“If I shut up the heavens so that there is no rain, or if I command the locust to devour the land, or if I send pestilence among My people, and My people who are called by My name humble themselves and pray and seek My face and turn from their wicked ways, then I will hear from heaven, will forgive their sin and will heal their land.” 2 Chronicles 7:13-14

 

My desire is to be comforted, my desire is healing. That’s what I want. I want my life to travel in a linear path at an upward trajectory with no bumps in the road. I have not considered the medicine God wants me to take:

 

God wants me, in humility, to recognize I’m spiritually bankrupt without Him. I’m poor in spirit because of this. I’m sick about this. I mourn about this and I take responsibility and repent for the sin in my life. Then I can be part of the kingdom of heaven. Then I am comforted.

 

We want the healing, but we don’t want to say we are sorry for our sin.

We lack humility when it comes to this.

 

Tony has preached on personal holiness a lot these past few weeks. He’s also preached on community holiness. Both are important. Both are the work of sanctification by the Holy Spirit and sadly both are lacking in so many of our personal and church lives. We tend to accept Christ for our salvation, but are not sure we want him to be Lord of our kingdom. But what if we did? What if we started asking the Spirit to show us the parts of our thoughts, motives and actions that we need to be repentant for? Maybe instead of looking down on others in our current political and social climate we could ask: “Jesus show me where I am failing to live out my faith and reflect the truth of the gospel. Show me where I fall short, show me where I need to think differently, show me where I need to put love into action…” How transformative could this be than judging from the sidelines?

 

Maybe my mourning over the loss of my dog should take a back seat to the loss of all life. Maybe I haven’t cared about the sacredness and gift of life more. Maybe I should mourn for the unborn more. Maybe I should mourn for the addict losing their battle with drugs more and yes, maybe I should mourn about the life taken of a 26 year old shot in her apartment in Louisville more. Have I cared too little about life because my life has been unaffected? Maybe I should care more about what God says in the Bible than a news network. Maybe it’s your Spirit I should listen to instead of an author who aligns with my political party. After all, the gospel isn’t for one or the other political parties, it’s for all people in all nations. And maybe, just maybe, I should care more about pointing someone to you, our true King and Savior, instead of trying to persuade them to vote how I think they should vote. And maybe I should put aside my self-interest for the interest of your kingdom, your ways and your glory. And maybe, just maybe, others will join me in caring more and being sorry for our personal and community sins…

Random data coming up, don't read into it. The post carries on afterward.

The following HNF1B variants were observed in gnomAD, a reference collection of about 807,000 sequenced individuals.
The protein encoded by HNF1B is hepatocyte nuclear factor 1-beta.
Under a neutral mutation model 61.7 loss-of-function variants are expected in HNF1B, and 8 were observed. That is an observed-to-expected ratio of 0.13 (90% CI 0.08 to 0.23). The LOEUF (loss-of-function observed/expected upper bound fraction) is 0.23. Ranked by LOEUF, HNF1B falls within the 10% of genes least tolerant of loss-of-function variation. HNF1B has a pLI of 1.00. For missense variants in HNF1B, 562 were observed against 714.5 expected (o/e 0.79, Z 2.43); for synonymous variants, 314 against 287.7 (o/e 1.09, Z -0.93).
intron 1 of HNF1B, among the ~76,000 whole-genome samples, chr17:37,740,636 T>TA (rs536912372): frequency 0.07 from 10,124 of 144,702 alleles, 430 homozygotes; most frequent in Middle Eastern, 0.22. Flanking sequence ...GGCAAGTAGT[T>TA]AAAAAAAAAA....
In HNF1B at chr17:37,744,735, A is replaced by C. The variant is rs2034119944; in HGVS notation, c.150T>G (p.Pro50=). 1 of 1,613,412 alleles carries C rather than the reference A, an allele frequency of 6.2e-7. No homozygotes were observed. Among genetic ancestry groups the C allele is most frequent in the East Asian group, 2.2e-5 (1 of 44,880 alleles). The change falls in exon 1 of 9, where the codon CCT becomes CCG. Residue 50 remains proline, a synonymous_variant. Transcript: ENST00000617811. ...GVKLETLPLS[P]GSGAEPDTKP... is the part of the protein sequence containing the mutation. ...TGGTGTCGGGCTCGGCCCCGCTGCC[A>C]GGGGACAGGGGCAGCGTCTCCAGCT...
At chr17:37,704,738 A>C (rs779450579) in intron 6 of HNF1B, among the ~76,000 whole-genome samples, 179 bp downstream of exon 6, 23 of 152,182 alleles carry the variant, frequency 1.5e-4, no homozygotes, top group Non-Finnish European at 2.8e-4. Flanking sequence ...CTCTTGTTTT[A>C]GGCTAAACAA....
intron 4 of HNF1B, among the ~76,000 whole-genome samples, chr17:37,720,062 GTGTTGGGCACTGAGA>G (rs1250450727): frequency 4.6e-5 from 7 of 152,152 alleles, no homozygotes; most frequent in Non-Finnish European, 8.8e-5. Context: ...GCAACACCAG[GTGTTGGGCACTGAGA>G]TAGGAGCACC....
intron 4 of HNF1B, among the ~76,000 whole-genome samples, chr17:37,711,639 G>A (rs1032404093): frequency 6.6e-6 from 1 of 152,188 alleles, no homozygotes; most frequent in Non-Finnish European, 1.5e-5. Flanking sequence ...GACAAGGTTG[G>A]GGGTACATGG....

Maybe then you will hear and heal our land.

Healing will not happen without repentance.

Come Lord Jesus


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Pastor Tony recommends reading:
 

A Firm Foundation

What does the future hold for The United Methodist Church? It is the question being asked all around our denomination. What should be the response to the competing visions and notable division within contemporary Methodism in North America? Can we explore the issues confronting us in a post-Christendom era without rupturing our relationships?

This carefully curated volume engages the deep heart questions of United Methodists and casts a compelling vision by trustworthy voices for dynamic faith. Contributors explore the power of classic ideas such as:

The Lordship of Jesus Christ Engaging scripture meaningfully The power of the Holy Spirit The promise of sanctification Living with undivided purpose Fostering dynamic discipleship The gift of the global church

This resource is a useful tool not only in navigating present challenges but in pursuing the future promise for the people called Methodists. The foundational principles that have guided Methodist thought from the beginning of John Wesley’s countercultural movement remain rich resources as we explore what it means to remain faithful disciples in the tradition of the Wesleys.

 
 
 
 
 
 
 
 
 
 
 
 

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Address: 2100 Highway 150
Floyds Knobs, Indiana 47119
Phone: 812.944.2570
Email: wesley@wesleychapel.org